Farm-to-table is nothing new in New Zealand, where long-standing agricultural traditions are finally translating to world-class cuisine.
It was a crisp May morning, and I was sitting patiently in a New Zealand traffic jam. To the left of the winding dirt road, rolling hills tumbled into one another like golden-green waves until they disappeared suddenly into the shimmering horizon of Pigeon Bay. To the right, a steep slope rose some 30 feet above the vehicle, so close that it nearly scraped the side mirror. Directly in front, two dozen cows awkwardly crowded the road, shuffling uncomfortably between the bumper of the car and a cattle fence 20 yards ahead.
Beside me in the driver’s seat, Liz Buttimore—then the general manager of the South Island’s new Annandale lodge—was clearly concerned. Even the most skilled driver would have balked at negotiating our dusty cliffside path in reverse, and pushing forward through the jittery cattle would have surely chased them off the rocky ledge to our left. “I’ll have to hike to the other side,” Buttimore said as she shimmied through the sliver of space allowed by her blocked door. Dressed in black slacks, a white button-down shirt, and black flats, she hardly looked prepared for a hike. But my companion soon proved her mettle as a native Kiwi by disappearing behind a green mound and, several minutes later, reappearing on the other side of the gate to allow our anxious roadblocks safe passage.
This bovine blockade on the cliffs of Annandale was the first sign of gridlock I had encountered in New Zealand, a country twice as large as New York State with a population half that of New York City. Indeed, livestock crossings are nearly as common as stoplights—and a cattle fatality can be front-page news—in this land where sheep outnumber human residents 7 to 1. It is no wonder, then, that livestock—or rather, meat—was what had brought me to Annandale, a 4,000-acre sheep-and-cattle farm and lodge set on more than six miles of coastline just outside of Christchurch.
Opened in September of last year, Annandale has a sheep-to-human ratio even greater than the national average, with about 4,000 sheep (plus 500 cattle) and a maximum of only 30 guests. As Buttimore and I combed the vast property dotted end to end with the fluffy creatures, we passed four villas ranging from a traditional shepherd’s cottage to a modern glass-and-steel residence located among private coves, isolated valleys, and grazing hills. Arriving at the five-bedroom Homestead, a 19th-century harbor-front manor with views of the Pacific Ocean, I discovered I had a swimming pool, tennis court, and fitness center all to myself. The only recreation on my mind, however, required a fork and knife.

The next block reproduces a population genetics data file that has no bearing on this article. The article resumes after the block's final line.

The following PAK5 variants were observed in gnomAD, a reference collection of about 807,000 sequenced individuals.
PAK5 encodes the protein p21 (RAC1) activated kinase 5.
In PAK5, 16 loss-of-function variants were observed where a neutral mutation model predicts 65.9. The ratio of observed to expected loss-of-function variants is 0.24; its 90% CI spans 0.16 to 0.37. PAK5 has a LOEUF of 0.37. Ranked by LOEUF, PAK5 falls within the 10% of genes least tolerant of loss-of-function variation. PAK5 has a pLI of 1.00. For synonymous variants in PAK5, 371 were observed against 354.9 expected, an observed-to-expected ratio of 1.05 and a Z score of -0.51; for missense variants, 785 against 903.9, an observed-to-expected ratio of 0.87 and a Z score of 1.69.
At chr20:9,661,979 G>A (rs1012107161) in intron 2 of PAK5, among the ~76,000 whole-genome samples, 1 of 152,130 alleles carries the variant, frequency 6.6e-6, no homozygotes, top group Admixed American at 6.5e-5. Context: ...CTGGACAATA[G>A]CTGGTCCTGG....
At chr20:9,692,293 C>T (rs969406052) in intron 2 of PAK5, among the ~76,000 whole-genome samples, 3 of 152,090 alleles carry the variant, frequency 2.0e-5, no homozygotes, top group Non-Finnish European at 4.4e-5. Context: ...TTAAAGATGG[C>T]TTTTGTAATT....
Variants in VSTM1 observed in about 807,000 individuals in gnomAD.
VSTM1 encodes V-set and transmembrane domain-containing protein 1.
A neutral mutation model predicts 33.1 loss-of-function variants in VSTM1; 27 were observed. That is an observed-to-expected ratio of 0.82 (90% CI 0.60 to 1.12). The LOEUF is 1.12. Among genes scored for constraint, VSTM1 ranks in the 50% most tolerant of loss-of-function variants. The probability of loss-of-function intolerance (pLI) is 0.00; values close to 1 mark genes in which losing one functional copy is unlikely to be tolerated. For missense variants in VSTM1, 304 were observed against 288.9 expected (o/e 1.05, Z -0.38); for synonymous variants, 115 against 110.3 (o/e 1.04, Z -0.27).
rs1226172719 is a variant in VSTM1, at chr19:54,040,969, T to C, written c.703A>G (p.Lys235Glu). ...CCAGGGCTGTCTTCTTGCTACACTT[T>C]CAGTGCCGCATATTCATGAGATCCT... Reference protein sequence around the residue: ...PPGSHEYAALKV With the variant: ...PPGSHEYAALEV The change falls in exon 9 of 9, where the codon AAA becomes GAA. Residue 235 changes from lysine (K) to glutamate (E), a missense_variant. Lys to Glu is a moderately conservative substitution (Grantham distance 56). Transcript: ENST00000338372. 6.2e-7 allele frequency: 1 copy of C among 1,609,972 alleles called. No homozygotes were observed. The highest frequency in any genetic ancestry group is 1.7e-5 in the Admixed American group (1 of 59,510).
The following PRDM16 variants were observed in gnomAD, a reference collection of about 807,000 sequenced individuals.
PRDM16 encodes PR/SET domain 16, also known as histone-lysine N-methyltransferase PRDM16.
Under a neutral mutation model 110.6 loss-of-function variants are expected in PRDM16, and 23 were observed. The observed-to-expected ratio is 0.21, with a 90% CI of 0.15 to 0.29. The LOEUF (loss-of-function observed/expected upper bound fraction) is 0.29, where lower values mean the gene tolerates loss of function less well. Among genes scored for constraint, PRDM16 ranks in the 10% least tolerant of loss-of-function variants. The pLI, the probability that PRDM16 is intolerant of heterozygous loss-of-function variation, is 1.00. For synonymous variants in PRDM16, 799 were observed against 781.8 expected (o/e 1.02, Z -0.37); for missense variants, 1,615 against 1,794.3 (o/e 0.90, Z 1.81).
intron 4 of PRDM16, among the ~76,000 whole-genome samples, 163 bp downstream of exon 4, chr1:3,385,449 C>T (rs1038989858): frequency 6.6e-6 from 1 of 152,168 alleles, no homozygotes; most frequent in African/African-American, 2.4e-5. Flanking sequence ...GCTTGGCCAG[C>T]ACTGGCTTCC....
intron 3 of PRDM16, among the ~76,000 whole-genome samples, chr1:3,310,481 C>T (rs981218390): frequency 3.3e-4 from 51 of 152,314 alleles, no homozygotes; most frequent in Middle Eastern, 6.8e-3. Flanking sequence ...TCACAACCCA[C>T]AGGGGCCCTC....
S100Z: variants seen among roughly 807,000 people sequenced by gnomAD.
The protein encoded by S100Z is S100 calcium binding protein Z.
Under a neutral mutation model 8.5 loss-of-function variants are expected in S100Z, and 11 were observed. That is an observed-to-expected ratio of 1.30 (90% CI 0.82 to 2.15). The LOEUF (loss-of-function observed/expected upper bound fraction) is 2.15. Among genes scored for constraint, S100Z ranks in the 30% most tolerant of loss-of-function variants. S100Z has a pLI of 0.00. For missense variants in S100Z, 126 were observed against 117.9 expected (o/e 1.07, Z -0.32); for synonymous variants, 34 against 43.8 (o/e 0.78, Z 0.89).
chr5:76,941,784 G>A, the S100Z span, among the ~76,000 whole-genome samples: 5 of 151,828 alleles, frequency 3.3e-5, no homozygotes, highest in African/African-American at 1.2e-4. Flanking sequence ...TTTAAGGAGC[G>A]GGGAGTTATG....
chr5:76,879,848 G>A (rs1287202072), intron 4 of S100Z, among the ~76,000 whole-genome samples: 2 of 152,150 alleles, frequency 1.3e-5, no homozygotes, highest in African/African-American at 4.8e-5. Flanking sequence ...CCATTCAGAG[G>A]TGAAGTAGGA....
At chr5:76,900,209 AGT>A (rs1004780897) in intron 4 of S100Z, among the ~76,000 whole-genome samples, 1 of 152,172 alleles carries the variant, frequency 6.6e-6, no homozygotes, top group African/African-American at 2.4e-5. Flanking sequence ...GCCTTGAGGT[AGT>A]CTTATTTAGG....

After settling in, I pulled up a chair in the Homestead’s gourmet kitchen, where Bradley Hornby—then the chef of Annandale—was hard at work on the evening’s seven-course tasting menu. Hornby, who previously served as the executive chef at the North Island’s Huka Lodge, grew up less than 150 miles from Annandale in the fishing and agriculture town of Timaru, and he was eager to share the region’s bounty with me.
“If we don’t have it here, we can’t really use it,” he said while plating the evening’s first course. “We’re so far out, we can’t expect to source something and get it fresh. So I watch the cycle of the plants and decide what will go well together. I don’t have a routine or a set menu. It’s always something new, and no plate is ever the same.”
The evening’s menu was full of the seasonal combinations Hornby favors, from local prawns with chorizo oil and tomatoes from the lodge’s garden to seared Tasman Bay scallops served with pickled daikon, ancho chili peppers, and an orange emulsion. Meat for the lamb croquette (accented with pickled parsnip and beetroot) and smoked rib-eye steak (accompanied by pasta puree and kale in red-wine vinegar) also came straight from Annandale’s farm.
Horby’s approach, I would discover, is the norm in New Zealand. While farm-to-table has become a global catchphrase in recent years, here the practice of eating local has never fallen out of fashion. For centuries, independent family-owned farms have fed the country’s sparse population and fueled its economy. In more recent decades, homegrown Kiwi delicacies such as green-lipped mussels and manuka honey have become coveted worldwide exports. Still, despite its infrastructure and abundance of local delights, New Zealand has struggled to define its national cuisine. Recently, however, chefs at Annandale and other lodges throughout the North and South Islands have begun to clarify their country’s place on the culinary map, spinning modern and refined fare built on New Zealand’s deep agricultural roots.
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My gastronomic pilgrimage had begun at Otahuna Lodge, a 120-year-old estate set on 30 acres of gardens and farmland just south of Christchurch. Adorned with a vibrant patchwork of stained-glass windows, gilded wallpaper, and kauri-wood paneling, the Relais & Châteaux lodge is a stunning revival of one of the country’s oldest mansions. The U.S. owners, Miles Refo and Hall Cannon, purchased the property in 2005 with plans to restore its Queen Anne–style manor, as well as its Dutch gardens, historic potager, and rambling daffodil fields. Upon opening in 2006, Otahuna (which means “little hill among the hills” in the Maori language) became a blueprint for New Zealand’s culinary renaissance.
Behind the seven-room gabled mansion, I discovered an expansive garden covered in every imaginable hue of green, brown, and yellow. Ancient English oak trees shaded Jerusalem sunchokes and Tokyo Cross turnips, pumpkins and parsnips, and 20 different varieties of tomatoes. Daffodil fields dating to the estate’s early days remained a vibrant carpet of 1.5 million blooming bulbs. In the mushroom crypt, porcinis and shiitakes erupted from giant logs, and in the melon house, fresh cantaloupes, kaffir limes, and pineapples grew fat and juicy. There was also a chicken coop, a 2-acre orchard, an herb farm, and a pigsty resembling a miniature open-air chalet.